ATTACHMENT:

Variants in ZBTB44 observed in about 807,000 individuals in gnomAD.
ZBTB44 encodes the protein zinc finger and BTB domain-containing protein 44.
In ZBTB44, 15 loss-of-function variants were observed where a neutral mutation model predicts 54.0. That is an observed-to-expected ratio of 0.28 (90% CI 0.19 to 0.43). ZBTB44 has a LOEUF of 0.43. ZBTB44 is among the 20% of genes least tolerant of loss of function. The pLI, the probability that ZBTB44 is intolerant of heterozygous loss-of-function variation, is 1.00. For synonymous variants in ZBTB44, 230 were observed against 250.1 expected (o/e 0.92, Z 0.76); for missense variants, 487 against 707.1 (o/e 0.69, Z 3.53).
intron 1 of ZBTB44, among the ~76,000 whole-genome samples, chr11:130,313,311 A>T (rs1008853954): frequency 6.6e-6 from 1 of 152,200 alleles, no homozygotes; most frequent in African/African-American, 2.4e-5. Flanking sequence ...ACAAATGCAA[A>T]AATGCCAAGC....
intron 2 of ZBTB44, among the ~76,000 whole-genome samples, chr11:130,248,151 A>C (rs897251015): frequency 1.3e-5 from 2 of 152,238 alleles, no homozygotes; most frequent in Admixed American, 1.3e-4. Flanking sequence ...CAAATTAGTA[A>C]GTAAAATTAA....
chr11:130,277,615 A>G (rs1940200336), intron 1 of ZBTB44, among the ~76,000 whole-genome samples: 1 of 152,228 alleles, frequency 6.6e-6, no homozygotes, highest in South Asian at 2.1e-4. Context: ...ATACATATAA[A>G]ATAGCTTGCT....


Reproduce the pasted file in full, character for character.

Variants in ZBTB44 observed in about 807,000 individuals in gnomAD.
ZBTB44 encodes the protein zinc finger and BTB domain-containing protein 44.
In ZBTB44, 15 loss-of-function variants were observed where a neutral mutation model predicts 54.0. That is an observed-to-expected ratio of 0.28 (90% CI 0.19 to 0.43). ZBTB44 has a LOEUF of 0.43. ZBTB44 is among the 20% of genes least tolerant of loss of function. The pLI, the probability that ZBTB44 is intolerant of heterozygous loss-of-function variation, is 1.00. For synonymous variants in ZBTB44, 230 were observed against 250.1 expected (o/e 0.92, Z 0.76); for missense variants, 487 against 707.1 (o/e 0.69, Z 3.53).
intron 1 of ZBTB44, among the ~76,000 whole-genome samples, chr11:130,313,311 A>T (rs1008853954): frequency 6.6e-6 from 1 of 152,200 alleles, no homozygotes; most frequent in African/African-American, 2.4e-5. Flanking sequence ...ACAAATGCAA[A>T]AATGCCAAGC....
intron 2 of ZBTB44, among the ~76,000 whole-genome samples, chr11:130,248,151 A>C (rs897251015): frequency 1.3e-5 from 2 of 152,238 alleles, no homozygotes; most frequent in Admixed American, 1.3e-4. Flanking sequence ...CAAATTAGTA[A>C]GTAAAATTAA....
chr11:130,277,615 A>G (rs1940200336), intron 1 of ZBTB44, among the ~76,000 whole-genome samples: 1 of 152,228 alleles, frequency 6.6e-6, no homozygotes, highest in South Asian at 2.1e-4. Context: ...ATACATATAA[A>G]ATAGCTTGCT....